No, Inviska software does not contain anything that could compromise the integrity of your computer, your security or your privacy. If you look at the Softpedia page for Inviska Rename and Inviska MKV Extract you can see they have both been independently verified to "not contain any form of malware, including but not limited to: spyware, viruses, trojans and backdoors." Inviska software contains:
The message you're seeing is because the software is unsigned. The purpose of code signing is to confirm the software author and guarantee that the code has not been altered or corrupted since it was signed. While useful, code signing certificates can be quite expensive and they have to be renewed annually. I only have a few pieces of software with a small user base, so it's hard to justify the cost of a certificate.
The message is actually nothing new, and Windows has warned users about unsigned software since Windows XP. However, the messages used to be rather less alarmist, as you can see in Windows 8.1:
While the old message focused on providing users with factual information, the new Windows 10 message appears more intent on alarming the user, and Microsoft now falsely claim that "Windows protected your PC."
If you click "More info" you're given the option to install the software:
The Windows 10 message seems rather severe and one can't help wonder if it's less about protecting your PC and more about encouraging users to get their software from the Windows Store.
When you use Edge to download a piece of Inviska the below message will be displayed. This reason for this is related to software signing. For a full explanation see the above question.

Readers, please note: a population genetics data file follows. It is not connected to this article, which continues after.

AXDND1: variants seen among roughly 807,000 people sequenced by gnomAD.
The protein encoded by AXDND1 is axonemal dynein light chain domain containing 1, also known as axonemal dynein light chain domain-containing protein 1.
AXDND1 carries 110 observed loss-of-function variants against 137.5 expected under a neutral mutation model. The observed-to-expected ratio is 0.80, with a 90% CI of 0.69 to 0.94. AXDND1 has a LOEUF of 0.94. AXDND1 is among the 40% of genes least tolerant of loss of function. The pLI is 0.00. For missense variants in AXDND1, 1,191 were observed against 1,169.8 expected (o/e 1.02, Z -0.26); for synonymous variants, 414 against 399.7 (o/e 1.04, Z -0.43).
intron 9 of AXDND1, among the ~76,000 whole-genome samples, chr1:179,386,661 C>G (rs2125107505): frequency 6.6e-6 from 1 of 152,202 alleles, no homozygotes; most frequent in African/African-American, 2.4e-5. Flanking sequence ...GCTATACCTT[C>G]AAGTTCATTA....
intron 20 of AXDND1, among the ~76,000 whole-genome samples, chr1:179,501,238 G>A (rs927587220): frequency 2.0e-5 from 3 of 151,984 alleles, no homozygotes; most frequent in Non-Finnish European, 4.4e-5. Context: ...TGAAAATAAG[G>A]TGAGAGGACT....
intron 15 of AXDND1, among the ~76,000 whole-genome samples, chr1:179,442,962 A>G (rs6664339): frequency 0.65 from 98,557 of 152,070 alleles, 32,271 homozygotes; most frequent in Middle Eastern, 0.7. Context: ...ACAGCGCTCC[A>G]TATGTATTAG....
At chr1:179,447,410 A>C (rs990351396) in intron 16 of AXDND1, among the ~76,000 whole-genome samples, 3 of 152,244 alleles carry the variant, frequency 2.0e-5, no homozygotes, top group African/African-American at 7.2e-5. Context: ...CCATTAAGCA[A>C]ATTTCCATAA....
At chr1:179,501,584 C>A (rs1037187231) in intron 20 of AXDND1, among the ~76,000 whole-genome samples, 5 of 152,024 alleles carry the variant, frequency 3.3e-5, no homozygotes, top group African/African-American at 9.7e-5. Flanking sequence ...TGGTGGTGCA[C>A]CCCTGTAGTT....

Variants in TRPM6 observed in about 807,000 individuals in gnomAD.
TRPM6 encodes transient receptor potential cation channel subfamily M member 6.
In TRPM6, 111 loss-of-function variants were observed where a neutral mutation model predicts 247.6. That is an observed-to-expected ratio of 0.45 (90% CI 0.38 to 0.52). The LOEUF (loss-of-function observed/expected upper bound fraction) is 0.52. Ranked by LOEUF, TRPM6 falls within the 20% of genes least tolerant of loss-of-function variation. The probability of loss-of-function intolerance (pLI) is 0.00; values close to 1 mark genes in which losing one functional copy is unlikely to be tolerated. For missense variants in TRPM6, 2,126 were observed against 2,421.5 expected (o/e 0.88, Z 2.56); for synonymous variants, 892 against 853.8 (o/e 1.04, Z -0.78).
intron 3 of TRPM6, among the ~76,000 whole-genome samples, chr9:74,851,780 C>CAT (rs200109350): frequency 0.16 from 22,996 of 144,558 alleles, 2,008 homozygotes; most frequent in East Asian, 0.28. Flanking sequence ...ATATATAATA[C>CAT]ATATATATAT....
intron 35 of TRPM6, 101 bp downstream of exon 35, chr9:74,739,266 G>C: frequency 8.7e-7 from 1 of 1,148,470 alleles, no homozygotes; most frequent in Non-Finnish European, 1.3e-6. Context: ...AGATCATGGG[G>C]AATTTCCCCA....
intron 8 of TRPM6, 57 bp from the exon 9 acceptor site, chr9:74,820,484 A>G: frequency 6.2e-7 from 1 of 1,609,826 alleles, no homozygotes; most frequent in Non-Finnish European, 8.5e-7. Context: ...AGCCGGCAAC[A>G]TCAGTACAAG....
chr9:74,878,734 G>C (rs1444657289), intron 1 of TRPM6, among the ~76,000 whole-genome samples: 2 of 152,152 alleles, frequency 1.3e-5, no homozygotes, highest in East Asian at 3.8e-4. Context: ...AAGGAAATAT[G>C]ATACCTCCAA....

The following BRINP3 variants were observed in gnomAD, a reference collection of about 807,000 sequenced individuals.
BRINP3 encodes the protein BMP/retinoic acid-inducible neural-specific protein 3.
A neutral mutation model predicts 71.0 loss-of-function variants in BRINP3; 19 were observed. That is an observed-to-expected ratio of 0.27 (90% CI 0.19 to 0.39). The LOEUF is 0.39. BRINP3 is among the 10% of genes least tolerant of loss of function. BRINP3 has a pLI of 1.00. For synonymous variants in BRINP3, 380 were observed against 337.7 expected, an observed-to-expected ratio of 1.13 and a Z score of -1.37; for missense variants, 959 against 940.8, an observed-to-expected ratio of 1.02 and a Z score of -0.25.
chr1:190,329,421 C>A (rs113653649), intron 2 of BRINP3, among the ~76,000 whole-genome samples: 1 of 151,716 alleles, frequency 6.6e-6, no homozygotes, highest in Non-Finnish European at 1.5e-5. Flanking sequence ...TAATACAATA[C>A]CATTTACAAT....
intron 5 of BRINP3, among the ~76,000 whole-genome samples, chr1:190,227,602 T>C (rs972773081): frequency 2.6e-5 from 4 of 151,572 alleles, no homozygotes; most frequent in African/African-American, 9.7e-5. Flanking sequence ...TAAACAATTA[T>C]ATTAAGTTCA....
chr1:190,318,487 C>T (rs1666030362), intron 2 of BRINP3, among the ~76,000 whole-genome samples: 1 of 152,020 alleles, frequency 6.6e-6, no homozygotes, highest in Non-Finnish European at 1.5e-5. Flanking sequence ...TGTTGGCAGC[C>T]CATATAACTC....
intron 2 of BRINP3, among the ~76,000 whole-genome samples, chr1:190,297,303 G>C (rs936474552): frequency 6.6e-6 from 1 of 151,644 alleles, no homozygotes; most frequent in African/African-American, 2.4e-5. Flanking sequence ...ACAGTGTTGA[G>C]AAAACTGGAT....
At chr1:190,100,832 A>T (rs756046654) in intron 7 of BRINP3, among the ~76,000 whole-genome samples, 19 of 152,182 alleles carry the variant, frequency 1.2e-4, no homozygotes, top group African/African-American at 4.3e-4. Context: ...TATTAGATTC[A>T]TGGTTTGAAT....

Inviska applications periodically check for updates so they can notify you when a new version is released. No information is sent from your computer; the software simply reads the latest version number from this file on the Inviska website. If you do not want the software to connect to the internet the behaviour can be disabled entirely (seen next question).
Yes, this behaviour can be disabled in the Preferences dialog under the General settings:
The first option will check for new releases and display a notification once, and only once, each time a new version is released.
The section option will check for new versions, and the latest version information will be displayed in the Help -> About dialog.
The third option disables update checks entirely, so the software will make no attempt to connect to the internet.
Settings are stored in an .ini file which is named after the application (e.g. InviskaFileManager.ini, InviskaRename.ini, etc). The location of the settings file depends on the operating system and version:
|Version||Config File Location|
|Windows Portable||In the application directory.|
|Mac Portable||In the .app bundle under /Contents/MacOS|
|Linux Portable||In the application directory.|
Very few people use 32bit Linux, with one major distribution saying that only 5% of their users used the 32bit version. Some distributions, such as openSUSE and Arch, are no longer offering 32bit versions, and with the vast majority of processors now supporting 64bit, it appears time to move on from 32bit.
It should run on most common distributions, and I've yet to encounter a distribution that it won't run on. The current 3.0 release has been tested to run without additional dependencies(*) on:
(*) The MKV applications are dependent on MKVToolNix, so that will have to be installed.
Inviska Rename uses the TagLib library for reading tags from music tracks. Generally speaking, TagLib works well for reading FLAC tags, as seen in this screenshot. However, there appears to be a small minority of FLAC files where tags are not correctly read. It may be related to this bug, but that seems to have been fixed. At some point in the future I'll ask the make enquires about this with the TagLib team and try to get it sorted out.
There are a small number of rarely used codecs that are not supported for extraction. Any files that contain unsupported codecs will have their names rendered in red. The tracks which use the unsupported codecs will also be coloured red:
The box next to such tracks cannot be checked, and the tracks will not be extracted as part of any batch extraction jobs.
The following codecs are not supported:
|V_MPEG4/MS/V3||Microsoft MPEG4 V3|
|A_PCM/FLOAT/IEEE||PCM Floating Point|
It is unlikely you will encounter these codecs in an mkv file, as they are not commonly used.